Walmart moves to improve animal welfare conditions in supply chain
By Daniel Enoch
© Copyright Agri-Pulse Communications, Inc.
WASHINGTON, May 22, 2015 -- Walmart, the biggest U.S. grocery retailer, today announced new farm animal welfare policies, joining a long list of food companies taking steps to improve the conditions of the cattle, hogs and poultry in its supply chain.
Among other things, Walmart said that it expects its suppliers will not tolerate animal abuse of any kind. In addition, it said it supports as an “aspiration” the so-called Five Freedoms of animal welfare, which have been adopted by groups including the World Organization for Animal Health and the American Society for the Prevention of Cruelty to Animals. They include freedom from hunger and thirst; discomfort; pain injury or disease; freedom to express normal behavior (by providing sufficient space, proper facilities and company of the animal's own kind): and freedom from fear and distress.
The company said it also will ask its suppliers to make sure animals have sufficient space, specifically citing concerns about gestations crates, hen battery cages and veal crates, and to address concerns about certain commonly used but painful procedures in livestock rearing such as tail docking, de-horning and castration. It also is asking suppliers to provide annual animal welfare reports.
“We believe that farm animals in our supply chain should be treated humanely throughout their lives and that the welfare of farm animals should be considered in selection of all production systems, practices and technologies,” the company said in its announcement. “Walmart U.S. and Sam's Club U.S. are committed to continuous improvement in the welfare of farm animals in our supply chain.”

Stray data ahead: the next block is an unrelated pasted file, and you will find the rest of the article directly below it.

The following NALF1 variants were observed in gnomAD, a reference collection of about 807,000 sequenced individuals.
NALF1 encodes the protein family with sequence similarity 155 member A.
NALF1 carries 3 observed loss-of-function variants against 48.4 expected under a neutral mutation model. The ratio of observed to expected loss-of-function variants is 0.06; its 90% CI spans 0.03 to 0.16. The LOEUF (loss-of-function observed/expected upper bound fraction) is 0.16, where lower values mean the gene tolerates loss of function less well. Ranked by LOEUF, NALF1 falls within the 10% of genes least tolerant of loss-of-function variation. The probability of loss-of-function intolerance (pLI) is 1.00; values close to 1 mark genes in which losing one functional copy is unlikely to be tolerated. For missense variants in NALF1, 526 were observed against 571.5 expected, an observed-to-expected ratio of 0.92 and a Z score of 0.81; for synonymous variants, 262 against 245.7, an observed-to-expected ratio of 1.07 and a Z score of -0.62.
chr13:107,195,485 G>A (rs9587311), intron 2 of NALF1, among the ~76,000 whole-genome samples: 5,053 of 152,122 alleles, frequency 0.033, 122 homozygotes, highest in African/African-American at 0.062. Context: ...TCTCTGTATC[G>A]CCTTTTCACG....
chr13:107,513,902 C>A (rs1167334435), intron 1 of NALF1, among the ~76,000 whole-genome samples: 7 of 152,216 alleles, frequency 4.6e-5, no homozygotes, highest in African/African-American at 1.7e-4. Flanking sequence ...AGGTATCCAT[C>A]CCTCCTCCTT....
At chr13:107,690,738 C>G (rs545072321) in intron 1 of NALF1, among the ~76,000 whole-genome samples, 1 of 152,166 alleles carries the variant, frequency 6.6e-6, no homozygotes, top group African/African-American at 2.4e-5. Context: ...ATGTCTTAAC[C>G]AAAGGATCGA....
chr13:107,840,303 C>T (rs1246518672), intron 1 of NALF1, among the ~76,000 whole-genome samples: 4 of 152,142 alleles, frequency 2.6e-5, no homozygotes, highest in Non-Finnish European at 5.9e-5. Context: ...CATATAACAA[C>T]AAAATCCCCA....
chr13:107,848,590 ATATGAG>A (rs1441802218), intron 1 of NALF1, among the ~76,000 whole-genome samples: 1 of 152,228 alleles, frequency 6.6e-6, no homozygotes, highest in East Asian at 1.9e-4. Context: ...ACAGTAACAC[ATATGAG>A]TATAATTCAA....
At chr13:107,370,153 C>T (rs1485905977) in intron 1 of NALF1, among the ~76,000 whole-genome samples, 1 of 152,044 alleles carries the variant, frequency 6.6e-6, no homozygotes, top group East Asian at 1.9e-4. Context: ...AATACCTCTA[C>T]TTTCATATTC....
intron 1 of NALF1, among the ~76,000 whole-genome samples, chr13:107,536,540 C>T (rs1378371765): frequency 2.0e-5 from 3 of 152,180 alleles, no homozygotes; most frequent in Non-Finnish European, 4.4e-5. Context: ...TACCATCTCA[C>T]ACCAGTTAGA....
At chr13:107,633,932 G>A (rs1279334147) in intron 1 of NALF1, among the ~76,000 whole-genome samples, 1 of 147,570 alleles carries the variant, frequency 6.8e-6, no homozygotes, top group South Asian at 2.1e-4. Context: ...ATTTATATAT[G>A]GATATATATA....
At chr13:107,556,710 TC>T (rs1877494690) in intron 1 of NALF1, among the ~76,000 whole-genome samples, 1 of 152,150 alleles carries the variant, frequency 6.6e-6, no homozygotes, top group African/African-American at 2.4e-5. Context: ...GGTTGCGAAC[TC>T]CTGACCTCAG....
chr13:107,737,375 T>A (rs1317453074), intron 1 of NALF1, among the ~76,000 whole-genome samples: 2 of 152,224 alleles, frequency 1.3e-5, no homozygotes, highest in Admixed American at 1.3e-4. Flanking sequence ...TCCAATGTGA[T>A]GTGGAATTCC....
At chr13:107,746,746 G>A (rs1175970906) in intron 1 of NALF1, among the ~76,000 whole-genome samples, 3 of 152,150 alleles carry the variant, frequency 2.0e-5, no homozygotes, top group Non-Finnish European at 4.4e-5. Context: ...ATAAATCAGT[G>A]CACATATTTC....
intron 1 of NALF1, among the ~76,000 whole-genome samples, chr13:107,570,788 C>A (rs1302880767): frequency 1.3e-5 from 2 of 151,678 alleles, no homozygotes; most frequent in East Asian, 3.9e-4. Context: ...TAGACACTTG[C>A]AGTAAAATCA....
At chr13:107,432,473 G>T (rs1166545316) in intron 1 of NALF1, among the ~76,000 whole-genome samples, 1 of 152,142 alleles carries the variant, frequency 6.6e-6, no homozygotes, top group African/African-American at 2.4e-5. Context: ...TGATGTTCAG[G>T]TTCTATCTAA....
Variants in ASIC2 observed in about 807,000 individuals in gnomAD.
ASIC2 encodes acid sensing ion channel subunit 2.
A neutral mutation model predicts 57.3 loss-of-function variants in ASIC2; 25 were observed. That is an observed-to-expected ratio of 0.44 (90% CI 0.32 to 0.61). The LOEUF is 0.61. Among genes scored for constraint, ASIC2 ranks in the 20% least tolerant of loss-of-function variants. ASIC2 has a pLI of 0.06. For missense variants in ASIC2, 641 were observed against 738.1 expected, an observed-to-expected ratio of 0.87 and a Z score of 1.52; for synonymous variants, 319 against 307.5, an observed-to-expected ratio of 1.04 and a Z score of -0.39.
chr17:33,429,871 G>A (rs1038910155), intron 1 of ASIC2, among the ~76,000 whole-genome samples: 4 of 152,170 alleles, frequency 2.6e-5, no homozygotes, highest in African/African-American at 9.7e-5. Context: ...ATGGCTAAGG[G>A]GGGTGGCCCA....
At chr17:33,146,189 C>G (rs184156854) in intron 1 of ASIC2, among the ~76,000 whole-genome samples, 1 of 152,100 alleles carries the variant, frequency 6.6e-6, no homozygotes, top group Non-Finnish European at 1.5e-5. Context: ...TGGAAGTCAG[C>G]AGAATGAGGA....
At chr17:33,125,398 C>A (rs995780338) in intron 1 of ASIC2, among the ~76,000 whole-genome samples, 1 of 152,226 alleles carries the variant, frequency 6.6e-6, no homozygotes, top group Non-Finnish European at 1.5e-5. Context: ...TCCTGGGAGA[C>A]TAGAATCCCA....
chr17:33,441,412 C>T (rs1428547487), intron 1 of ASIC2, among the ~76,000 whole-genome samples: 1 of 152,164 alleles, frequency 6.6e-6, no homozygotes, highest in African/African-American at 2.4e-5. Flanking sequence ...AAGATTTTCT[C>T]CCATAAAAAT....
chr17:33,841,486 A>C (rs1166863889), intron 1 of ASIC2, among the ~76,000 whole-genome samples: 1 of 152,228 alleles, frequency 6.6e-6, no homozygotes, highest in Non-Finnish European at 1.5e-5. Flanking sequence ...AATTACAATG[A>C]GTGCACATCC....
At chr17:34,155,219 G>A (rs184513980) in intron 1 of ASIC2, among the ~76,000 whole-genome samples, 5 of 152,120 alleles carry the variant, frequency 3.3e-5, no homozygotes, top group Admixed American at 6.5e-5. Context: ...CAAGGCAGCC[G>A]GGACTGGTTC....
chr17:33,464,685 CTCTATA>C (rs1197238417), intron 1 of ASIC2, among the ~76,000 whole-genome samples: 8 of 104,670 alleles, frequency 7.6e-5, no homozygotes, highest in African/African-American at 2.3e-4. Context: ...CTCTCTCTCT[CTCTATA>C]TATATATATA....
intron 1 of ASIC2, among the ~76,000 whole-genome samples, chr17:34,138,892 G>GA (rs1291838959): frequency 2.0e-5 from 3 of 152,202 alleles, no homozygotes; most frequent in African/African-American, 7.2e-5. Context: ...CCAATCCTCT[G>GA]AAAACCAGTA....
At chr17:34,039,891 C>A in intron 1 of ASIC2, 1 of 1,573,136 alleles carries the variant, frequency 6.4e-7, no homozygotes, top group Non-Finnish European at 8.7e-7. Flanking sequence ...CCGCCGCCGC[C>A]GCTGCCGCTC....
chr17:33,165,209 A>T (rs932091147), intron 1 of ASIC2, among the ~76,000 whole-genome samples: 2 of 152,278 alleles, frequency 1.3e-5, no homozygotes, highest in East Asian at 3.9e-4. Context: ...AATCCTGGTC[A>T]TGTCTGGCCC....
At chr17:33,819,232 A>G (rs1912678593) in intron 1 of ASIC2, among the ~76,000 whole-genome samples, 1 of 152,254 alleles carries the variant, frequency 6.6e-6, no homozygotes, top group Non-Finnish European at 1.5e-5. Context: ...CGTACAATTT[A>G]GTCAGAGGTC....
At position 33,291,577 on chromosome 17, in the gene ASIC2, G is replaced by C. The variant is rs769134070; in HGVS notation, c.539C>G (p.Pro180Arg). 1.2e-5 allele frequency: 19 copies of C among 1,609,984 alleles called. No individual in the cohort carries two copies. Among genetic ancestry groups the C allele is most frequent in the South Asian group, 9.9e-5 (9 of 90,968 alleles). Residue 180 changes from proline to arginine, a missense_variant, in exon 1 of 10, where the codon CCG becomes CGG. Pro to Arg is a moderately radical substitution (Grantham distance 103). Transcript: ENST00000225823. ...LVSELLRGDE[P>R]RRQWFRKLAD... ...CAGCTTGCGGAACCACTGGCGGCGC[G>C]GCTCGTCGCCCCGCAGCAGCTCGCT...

Wayne Pacelle, president and CEO of the Humane Society of the United States, welcomed Walmart's announcement.
“Walmart's animal welfare announcement is a game-changing progress and signals to agribusiness that the era of confining farm animals is ending,” Pacelle said in a statement. “Battery cages, gestation crates and veal crates -- along with other long-standing practices that immobilize animal -- have a short shelf life in our food system. We're looking forward to continuing our work with Walmart and hope to see them put implementation timelines in place. And we're optimistic about helping other food companies strengthen their policies to create a more humane society for all.”
In the past several years, dozens of companies have announced changes in their policies to improve conditions for animals in their supply chains. They include Starbucks, Panera, Heinz, Nestle, Unilever, Cargill, McDonald's, Denny's, Jack in the Box, Hormel and Kraft Foods.
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